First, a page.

Appeal from the District Court of the United States for the Eastern District of Illinois; Walter C. Lindley, Judge.
Before EVANS, TREANOR, and KERNER, Circuit Judges.
On July 16, 1936 the appellee issued to Barlow Hurst an automobile accident insurance policy, whereby it agreed to insure him against loss for the liability imposed upon him by law for damages on account of bodily injuries accidently suffered by any person by reason of the use of the automobile insured therein.
On October 30, 1936, while the policy was in force, Barlow Hurst, the assured, with the appellant as his agent, drove his automobile from the Whoopee Club in Evansville, Indiana into a tree and telephone pole, thereby severely injuring her. She sued the assured in the Circuit Court of Gibson County, Indiana and recovered a judgment for $10,000. It remains unpaid and in full force and effect. The present suit is an action upon the policy of insurance.
The complaint as amended alleged that on October 30, 1936 Barlow Hurst was driving his automobile on a public street in Evansville, Indiana, with appellant as his invited guest; that with reckless disregard of the rights of appellant he recklessly drove said automobile into a telephone pole and tree and that by reason of his said reckless act and conduct, appellant sustaiend severe injuries; that immediately after the injury to appellant, said assured gave notice to the appellee of said accident, whereupon appellee investigated the facts and, with full knowledge of the facts surrounding the accident, undertook and did direct and control the defense in said cause.
The complaint further alleged that at the time of issuance to the assured of the policy by appellee there was in force and effect in the State of Indiana a Motor Vehicle Financial Responsibility Law.*fn1 There was annexed to the complaint a copy of the policy and certain sections of the Motor Vehicle Financial Responsibility Law.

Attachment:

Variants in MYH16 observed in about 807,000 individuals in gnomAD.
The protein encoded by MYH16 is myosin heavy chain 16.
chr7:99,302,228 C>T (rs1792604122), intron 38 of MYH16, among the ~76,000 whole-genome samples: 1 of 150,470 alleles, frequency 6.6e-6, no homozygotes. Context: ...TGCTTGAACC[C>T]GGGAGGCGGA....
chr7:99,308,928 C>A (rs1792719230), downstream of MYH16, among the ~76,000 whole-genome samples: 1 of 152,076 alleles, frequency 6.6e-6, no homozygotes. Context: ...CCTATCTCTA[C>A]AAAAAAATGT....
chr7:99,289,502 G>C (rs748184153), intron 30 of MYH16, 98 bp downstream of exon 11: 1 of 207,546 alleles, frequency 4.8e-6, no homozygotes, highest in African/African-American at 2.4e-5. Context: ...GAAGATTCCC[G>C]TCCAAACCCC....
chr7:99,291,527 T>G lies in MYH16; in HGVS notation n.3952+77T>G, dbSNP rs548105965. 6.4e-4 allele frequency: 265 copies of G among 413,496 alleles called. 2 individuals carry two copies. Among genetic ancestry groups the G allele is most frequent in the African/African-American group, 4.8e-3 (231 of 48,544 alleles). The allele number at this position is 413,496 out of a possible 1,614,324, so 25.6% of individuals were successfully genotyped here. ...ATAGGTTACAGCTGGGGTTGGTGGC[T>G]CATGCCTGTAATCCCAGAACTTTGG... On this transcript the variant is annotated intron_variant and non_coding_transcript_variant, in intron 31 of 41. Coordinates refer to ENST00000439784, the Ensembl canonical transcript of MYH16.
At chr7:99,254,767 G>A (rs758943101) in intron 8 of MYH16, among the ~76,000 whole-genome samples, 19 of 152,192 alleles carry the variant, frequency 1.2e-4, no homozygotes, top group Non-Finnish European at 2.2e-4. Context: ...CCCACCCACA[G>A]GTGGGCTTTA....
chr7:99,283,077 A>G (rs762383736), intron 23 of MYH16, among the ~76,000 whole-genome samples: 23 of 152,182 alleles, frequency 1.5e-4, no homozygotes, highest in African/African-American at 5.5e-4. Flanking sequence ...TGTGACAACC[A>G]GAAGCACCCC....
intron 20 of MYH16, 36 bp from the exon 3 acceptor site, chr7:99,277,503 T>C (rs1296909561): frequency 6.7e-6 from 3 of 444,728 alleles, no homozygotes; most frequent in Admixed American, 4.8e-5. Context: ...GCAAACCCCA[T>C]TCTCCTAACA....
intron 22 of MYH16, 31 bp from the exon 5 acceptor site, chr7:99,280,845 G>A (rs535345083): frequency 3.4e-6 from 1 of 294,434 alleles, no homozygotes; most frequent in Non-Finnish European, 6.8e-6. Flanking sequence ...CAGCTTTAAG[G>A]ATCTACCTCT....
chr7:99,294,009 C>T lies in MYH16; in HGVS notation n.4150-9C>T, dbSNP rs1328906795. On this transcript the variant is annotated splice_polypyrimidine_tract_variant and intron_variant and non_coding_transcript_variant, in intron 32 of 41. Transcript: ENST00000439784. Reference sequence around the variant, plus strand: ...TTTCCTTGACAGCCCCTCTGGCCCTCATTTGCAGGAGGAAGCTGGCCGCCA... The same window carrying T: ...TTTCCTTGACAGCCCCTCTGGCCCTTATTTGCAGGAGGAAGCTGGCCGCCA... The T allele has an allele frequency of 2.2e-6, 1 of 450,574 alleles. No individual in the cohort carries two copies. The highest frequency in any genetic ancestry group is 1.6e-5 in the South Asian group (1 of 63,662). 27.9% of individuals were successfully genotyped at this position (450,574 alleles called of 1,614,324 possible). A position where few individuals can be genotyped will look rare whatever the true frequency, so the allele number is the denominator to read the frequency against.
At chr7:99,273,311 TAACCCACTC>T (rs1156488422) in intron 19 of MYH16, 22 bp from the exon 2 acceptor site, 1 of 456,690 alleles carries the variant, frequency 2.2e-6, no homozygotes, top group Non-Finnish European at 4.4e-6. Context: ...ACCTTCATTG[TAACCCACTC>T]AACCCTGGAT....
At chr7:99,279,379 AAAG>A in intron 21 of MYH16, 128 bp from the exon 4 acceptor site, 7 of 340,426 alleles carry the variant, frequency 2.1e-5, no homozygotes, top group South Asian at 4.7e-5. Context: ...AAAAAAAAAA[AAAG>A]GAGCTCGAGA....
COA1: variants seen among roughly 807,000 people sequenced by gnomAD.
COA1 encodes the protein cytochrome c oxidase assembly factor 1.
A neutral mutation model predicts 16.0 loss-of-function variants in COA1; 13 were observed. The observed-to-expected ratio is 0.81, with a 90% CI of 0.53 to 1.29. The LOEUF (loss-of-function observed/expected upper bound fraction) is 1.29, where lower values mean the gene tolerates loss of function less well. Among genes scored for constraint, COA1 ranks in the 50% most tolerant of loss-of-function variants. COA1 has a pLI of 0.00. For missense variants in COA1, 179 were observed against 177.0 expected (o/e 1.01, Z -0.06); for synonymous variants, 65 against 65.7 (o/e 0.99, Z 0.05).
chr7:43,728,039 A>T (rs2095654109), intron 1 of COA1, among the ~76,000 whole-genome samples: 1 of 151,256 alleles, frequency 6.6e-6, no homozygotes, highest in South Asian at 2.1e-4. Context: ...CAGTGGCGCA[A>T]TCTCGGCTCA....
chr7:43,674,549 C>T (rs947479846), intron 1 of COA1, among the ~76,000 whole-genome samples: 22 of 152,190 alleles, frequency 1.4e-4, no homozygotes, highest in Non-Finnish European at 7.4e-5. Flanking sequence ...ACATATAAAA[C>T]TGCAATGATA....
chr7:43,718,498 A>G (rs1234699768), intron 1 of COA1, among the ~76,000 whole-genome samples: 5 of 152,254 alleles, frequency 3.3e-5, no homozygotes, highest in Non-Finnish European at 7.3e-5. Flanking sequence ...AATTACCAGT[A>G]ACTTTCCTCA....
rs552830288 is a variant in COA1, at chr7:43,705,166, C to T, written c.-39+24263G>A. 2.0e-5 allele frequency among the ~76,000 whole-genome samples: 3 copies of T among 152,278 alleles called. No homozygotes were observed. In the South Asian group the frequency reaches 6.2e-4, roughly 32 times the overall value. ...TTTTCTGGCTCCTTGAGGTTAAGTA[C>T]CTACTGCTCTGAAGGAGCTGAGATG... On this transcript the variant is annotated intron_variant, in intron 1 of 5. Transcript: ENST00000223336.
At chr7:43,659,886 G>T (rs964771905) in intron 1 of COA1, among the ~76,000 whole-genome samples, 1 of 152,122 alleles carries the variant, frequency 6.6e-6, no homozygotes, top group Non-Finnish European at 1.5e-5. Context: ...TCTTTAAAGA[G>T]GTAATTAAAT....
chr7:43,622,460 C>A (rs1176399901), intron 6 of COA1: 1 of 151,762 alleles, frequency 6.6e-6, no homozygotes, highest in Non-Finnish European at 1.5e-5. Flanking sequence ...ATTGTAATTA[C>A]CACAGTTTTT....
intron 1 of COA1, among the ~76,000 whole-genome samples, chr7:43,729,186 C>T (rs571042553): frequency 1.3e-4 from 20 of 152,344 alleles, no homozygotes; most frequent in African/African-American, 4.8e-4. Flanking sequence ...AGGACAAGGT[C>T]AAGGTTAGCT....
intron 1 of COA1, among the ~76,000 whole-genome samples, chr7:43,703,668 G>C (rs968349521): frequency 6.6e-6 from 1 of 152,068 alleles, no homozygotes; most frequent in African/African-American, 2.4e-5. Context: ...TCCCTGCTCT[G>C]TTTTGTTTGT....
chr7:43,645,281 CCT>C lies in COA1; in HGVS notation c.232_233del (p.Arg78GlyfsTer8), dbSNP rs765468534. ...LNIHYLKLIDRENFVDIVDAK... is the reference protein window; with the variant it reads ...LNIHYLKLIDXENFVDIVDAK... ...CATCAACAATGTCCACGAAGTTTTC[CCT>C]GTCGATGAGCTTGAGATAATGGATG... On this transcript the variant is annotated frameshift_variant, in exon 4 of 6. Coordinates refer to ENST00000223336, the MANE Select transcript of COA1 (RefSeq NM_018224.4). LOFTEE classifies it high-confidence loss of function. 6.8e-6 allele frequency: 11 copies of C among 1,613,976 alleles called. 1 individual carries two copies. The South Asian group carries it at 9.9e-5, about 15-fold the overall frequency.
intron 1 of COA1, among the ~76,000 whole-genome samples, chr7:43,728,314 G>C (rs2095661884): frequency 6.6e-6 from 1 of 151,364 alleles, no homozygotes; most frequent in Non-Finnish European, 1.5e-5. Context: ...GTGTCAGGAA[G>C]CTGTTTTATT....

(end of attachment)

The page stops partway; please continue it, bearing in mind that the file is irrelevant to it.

The appellee filed an answer denying liability on the ground that the conduct of the assured in driving his automobile and in injuring the appellant was "willful and wanton, or intentional," alleged that the claimed liability of the assured to appellant was based upon the guest statute of the State of Indiana*fn2 which provides that such a guest shall have no cause of action unless the injury shall have been intentional or caused by the "reckless disregard of the rights of others," and that the policy sued on expressly exempted from its coverage any liability occasioned or caused by the "willful and wanton, or intentional" act of the assured. Appellee moved to dismiss the complaint, the motion was susained, the complaint was dismissed, judgment was entered against appellant in bar of the action and for costs, and appellant appeals.
By the policy the insurance company expressly agreed to pay on behalf of the assured the actual loss imposed upon the assured by law for legal liability arising or resulting from claims on account of bodily injury accidentally suffered by any person caused by an accident arising out of the use of the automobile insured therein. It was, however, subject to the condition that the insurance company would not be liable for damage "occasioned or caused by the willful and wanton, or intentional acts of the assured."